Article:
I don't have an issue with my tailstock moving. It is an Emco Super 11CD lathe and the tailstock locks solidly with just a gentle knudge on the locking handle. The locking nut is machined cleanly and locks onto the bottom of the ways, which are flat. If I did have a problem, I would do as Ray suggests here and clean up the mating surfaces of the lock with the ways. Bet that would solve it.
 

middle.road

Actively Learning...
H-M Supporter - Gold Member ($25)
Joined
Apr 28, 2014
Messages
1,344
Likes
724
#6
Heating the shop? Here I am lamenting trying to keep it warm in East TN. and you're in Yellow Jacket? Dang, I need to count my blessings
and quit whining.
Popped the breaker this evening while in the middle of knurling. Need to come up with some emergency lighting. It was too dark to see.
The sad thing is that I re-wired the shop circuit. I guess a 240v ceiling heater + floor heater and the lathe running overloaded it. No wires were warm - thankfully.

I was thinking after seeing Russ' post and such, of making a new clamp plate for the bottom side. The longer handle got me through the day but engaging & disengaging it is painful to my hand.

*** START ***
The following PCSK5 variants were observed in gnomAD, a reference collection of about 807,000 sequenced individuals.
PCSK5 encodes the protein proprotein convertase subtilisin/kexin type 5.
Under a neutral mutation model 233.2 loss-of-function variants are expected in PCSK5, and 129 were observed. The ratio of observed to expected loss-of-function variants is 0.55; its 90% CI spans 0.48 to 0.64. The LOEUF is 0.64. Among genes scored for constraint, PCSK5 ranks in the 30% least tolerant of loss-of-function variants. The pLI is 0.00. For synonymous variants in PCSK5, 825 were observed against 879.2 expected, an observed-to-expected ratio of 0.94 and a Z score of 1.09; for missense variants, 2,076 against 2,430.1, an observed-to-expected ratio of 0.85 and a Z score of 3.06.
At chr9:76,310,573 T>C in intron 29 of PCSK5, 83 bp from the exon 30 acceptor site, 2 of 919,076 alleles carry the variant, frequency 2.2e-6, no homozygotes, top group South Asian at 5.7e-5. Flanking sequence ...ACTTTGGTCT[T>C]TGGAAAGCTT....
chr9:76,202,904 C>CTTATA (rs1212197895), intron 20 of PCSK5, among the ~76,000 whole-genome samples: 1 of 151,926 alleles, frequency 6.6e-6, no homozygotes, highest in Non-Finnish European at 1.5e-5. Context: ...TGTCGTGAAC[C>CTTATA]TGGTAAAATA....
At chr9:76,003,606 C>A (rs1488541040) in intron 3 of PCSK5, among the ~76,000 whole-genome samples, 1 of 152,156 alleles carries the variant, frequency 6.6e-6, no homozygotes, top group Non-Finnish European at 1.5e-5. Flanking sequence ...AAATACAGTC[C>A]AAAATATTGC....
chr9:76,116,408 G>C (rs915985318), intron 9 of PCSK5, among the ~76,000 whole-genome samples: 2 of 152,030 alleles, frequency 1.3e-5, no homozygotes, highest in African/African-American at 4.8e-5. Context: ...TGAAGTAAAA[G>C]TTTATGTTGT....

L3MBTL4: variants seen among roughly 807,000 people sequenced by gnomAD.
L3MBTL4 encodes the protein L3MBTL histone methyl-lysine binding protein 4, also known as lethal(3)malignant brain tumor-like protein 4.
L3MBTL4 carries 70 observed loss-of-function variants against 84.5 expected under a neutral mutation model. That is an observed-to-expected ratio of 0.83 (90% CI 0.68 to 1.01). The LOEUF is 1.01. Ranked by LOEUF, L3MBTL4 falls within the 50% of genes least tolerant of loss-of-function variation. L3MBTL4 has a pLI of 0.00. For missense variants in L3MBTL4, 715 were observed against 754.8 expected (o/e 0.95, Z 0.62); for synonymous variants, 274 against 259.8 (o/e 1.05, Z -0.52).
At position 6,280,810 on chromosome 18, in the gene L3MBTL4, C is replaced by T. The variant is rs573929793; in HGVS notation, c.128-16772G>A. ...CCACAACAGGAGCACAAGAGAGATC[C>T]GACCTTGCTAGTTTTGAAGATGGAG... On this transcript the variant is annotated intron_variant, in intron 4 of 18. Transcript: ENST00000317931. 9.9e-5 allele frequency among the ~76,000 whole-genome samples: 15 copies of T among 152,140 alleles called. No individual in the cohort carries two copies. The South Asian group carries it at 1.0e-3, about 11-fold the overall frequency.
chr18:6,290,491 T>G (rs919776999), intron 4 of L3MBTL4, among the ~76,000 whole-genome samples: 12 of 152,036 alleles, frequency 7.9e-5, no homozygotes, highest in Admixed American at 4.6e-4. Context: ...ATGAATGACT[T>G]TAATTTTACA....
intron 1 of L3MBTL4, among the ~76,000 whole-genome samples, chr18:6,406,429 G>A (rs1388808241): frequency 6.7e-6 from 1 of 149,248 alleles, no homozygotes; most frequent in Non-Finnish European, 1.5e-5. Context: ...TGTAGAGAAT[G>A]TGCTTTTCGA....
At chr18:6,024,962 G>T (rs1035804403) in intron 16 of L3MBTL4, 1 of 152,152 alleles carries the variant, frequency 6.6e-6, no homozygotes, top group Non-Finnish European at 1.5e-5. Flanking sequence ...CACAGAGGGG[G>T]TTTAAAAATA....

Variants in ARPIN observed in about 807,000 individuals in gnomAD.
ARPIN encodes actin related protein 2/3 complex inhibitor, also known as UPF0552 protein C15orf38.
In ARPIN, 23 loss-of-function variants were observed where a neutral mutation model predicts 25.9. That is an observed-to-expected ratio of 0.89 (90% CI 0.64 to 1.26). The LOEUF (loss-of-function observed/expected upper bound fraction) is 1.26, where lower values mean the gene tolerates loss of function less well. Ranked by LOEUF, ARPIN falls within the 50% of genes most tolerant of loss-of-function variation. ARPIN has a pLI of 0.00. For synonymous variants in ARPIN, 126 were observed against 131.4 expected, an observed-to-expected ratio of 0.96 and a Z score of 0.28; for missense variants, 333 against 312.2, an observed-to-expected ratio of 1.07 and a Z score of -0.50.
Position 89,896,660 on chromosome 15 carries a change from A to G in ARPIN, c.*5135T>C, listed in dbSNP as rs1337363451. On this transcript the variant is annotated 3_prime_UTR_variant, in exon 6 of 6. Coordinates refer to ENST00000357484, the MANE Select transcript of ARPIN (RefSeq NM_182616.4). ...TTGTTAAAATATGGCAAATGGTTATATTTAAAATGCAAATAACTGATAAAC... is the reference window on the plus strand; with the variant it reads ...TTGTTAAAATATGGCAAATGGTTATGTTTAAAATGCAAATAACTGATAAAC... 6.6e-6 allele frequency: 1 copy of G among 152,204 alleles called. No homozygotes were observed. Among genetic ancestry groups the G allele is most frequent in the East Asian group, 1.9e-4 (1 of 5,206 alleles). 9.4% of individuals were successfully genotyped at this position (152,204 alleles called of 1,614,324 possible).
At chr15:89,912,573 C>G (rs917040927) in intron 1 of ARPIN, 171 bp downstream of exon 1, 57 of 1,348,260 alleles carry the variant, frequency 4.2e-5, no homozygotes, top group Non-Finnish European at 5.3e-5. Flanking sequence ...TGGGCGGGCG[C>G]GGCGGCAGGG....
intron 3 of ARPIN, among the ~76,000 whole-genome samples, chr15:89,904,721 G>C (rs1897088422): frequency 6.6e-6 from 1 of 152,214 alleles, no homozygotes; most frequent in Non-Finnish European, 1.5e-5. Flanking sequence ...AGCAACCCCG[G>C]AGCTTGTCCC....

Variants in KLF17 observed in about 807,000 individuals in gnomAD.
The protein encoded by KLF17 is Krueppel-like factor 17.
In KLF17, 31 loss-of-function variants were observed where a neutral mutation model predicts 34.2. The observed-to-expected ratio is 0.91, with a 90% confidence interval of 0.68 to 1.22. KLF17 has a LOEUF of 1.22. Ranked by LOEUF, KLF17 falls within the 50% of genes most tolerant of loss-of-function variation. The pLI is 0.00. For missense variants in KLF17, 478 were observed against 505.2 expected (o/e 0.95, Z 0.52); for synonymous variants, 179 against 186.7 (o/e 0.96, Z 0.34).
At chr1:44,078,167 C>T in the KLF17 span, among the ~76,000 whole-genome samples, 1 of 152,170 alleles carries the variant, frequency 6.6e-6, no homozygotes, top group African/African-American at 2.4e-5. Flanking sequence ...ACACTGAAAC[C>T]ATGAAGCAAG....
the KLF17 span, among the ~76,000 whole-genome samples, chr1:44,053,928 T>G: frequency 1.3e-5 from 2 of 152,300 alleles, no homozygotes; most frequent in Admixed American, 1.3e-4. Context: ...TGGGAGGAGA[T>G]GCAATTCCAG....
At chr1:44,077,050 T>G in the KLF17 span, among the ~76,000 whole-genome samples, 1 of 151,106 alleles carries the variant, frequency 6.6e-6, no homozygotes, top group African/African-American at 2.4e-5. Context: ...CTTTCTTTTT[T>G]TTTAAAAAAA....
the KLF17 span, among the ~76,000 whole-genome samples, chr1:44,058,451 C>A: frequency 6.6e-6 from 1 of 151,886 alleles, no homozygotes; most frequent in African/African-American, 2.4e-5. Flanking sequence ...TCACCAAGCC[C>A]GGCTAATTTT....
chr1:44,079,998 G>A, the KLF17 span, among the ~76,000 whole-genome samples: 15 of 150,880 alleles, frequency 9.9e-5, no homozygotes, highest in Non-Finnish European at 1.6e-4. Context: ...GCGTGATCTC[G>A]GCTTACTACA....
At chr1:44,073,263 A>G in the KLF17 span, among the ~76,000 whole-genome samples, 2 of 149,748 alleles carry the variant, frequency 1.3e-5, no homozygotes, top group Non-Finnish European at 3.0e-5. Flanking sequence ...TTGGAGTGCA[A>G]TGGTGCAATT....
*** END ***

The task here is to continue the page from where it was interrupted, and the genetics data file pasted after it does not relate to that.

rock_breaker

H-M Supporter - Sustaining Member
H-M Platinum Supporter ($50)
Joined
Dec 31, 2010
Messages
536
Likes
262
#7
Sounds like a lot of load on the breaker, could it be tripping at less than full load? I took advantage of local electric code requiring a 100 amp master switch to the house I so I added some breakers to provide power to the shop, still have to do more of the wiring though.
I think you guys in the southeast are having a lot more winter than we are this year. We get Albuquerque TV and one station reported over 80 days with out moisture. The same is true here but we got a whole inch of snow about a week before Christmas.
Have a good day
Ray
 

Silverbullet

Gold
Registered
Joined
May 4, 2015
Messages
3,419
Likes
1,662
#8
I think I'd be putting some citrus strip on those parts under the tailstock and rails . Never hold tight on painted surface without tons of force.
 
[6]
[5] [7]
Top